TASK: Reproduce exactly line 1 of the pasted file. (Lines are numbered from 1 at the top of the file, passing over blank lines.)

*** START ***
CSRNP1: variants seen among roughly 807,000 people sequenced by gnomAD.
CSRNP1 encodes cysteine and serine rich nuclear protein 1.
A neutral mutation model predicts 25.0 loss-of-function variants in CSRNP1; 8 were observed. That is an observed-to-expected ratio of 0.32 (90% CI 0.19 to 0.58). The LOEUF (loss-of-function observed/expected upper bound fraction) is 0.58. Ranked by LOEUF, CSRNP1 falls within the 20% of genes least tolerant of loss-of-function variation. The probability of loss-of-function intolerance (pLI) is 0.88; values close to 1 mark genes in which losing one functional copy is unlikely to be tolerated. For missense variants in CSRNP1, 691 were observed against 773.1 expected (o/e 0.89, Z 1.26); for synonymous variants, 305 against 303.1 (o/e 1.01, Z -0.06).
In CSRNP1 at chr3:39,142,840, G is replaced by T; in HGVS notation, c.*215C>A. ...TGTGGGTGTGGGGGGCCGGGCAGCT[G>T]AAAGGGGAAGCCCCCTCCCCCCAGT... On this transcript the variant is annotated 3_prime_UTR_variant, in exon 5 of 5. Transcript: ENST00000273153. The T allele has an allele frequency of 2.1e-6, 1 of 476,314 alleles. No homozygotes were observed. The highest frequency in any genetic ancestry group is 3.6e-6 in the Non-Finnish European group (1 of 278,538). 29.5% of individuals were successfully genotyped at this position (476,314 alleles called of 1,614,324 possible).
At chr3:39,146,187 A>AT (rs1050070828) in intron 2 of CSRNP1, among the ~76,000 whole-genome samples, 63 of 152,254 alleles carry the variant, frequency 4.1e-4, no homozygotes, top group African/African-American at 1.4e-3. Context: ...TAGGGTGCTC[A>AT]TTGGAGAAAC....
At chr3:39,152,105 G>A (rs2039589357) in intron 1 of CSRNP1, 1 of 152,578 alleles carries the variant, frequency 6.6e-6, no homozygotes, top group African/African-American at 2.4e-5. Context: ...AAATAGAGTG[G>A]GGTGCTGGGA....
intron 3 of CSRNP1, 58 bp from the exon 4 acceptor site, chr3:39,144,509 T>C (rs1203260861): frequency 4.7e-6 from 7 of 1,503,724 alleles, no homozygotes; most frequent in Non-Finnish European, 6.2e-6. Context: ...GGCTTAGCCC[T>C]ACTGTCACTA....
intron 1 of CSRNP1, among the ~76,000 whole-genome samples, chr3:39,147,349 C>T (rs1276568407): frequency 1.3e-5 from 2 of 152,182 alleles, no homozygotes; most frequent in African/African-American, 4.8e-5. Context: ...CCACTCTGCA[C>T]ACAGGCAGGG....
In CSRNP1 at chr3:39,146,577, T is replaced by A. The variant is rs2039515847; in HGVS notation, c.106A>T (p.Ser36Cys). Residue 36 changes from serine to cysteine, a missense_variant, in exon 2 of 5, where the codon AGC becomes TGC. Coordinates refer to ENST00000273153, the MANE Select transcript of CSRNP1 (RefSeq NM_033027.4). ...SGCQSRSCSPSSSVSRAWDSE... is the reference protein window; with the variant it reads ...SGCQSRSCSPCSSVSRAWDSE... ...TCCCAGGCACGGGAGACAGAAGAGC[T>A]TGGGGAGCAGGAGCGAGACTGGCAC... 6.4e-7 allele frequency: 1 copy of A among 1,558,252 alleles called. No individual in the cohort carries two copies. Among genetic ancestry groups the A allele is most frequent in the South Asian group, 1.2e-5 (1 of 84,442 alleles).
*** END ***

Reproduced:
CSRNP1: variants seen among roughly 807,000 people sequenced by gnomAD.